Wednesday, March 23, 2005

UVB, Amphibians, and Alarmism

HerpDigest, an email newsletter which, as the title suggests, deals with reptiles and amphibians, brought the work of Professor Lawrence Licht (York Univeristy, Toronto, Ontario) to my attention. His findings dispute "the hypothesis that increasing levels of [Ultraviolet B radiation are] killing amphibians and [are] linked to global population declines." Despite this supposed culprit receiving "a great deal of attention in websites, radio, television, newspapers, textbooks and curriculum guides used in elementary, high school and university level science courses," Licht carefully picks apart the argument, suggesting that melanin in the amphibian embryos and an enzyme-photolyase possessed by adults and eggs protects them from UVB damage. Most interestingly, he concludes by addressing the issue of alarmist science at large:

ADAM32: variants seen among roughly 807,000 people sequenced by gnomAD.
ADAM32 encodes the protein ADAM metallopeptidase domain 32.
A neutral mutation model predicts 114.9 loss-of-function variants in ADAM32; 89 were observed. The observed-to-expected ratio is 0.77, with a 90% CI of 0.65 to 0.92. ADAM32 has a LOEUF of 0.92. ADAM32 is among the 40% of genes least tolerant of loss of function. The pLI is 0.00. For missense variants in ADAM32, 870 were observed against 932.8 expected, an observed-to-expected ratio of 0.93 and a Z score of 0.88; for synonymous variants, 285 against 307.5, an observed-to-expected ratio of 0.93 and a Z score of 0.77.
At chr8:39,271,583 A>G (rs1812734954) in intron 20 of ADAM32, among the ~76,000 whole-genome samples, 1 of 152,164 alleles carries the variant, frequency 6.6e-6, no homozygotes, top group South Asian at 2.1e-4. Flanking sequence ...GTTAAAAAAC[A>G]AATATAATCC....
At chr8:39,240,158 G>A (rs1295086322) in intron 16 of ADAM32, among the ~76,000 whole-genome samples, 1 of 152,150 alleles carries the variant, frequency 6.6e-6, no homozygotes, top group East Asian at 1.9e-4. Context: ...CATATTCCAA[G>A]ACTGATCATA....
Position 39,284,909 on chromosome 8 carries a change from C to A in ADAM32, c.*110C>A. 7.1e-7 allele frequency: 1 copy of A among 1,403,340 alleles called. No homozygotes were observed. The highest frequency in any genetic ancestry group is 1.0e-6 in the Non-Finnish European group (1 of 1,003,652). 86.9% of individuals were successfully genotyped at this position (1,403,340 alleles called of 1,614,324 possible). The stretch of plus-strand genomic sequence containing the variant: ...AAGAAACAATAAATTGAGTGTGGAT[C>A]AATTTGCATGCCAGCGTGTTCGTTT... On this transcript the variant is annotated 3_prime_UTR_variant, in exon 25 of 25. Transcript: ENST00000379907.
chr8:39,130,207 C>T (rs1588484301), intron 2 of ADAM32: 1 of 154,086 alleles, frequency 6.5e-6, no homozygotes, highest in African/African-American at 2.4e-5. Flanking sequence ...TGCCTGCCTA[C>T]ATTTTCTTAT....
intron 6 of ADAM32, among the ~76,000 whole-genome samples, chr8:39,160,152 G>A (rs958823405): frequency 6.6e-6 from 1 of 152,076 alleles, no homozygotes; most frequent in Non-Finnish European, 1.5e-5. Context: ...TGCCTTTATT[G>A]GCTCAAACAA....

"A very important point I am trying to make is that just because a paper has been published in a peer reviewed journal, the merits of the paper should be judged with care and attention to detail. Each paper must be read with a clear objective mindset. This is especially true when the hypothesis being tested has almost become dogma; in such cases, the hypothesis is believed to be true because everyone knows it is true because it has been hyped to a point where no one bothers to question...When a popular, widespread and alarmist hypothesis -amphibians are dying from exposure to sunlight- is found to be erroneous, the public can lose faith in the rigor and worth of scientific statements in general. Another 'cry wolf' story tarnishes the value of ongoing quality efforts and future studies that have real merit."
Given the "Death of Environmentalism" dialogue we've been hearing so much about in the blogosphere, I thought Prof. Licht's study and conclusions pertinent.

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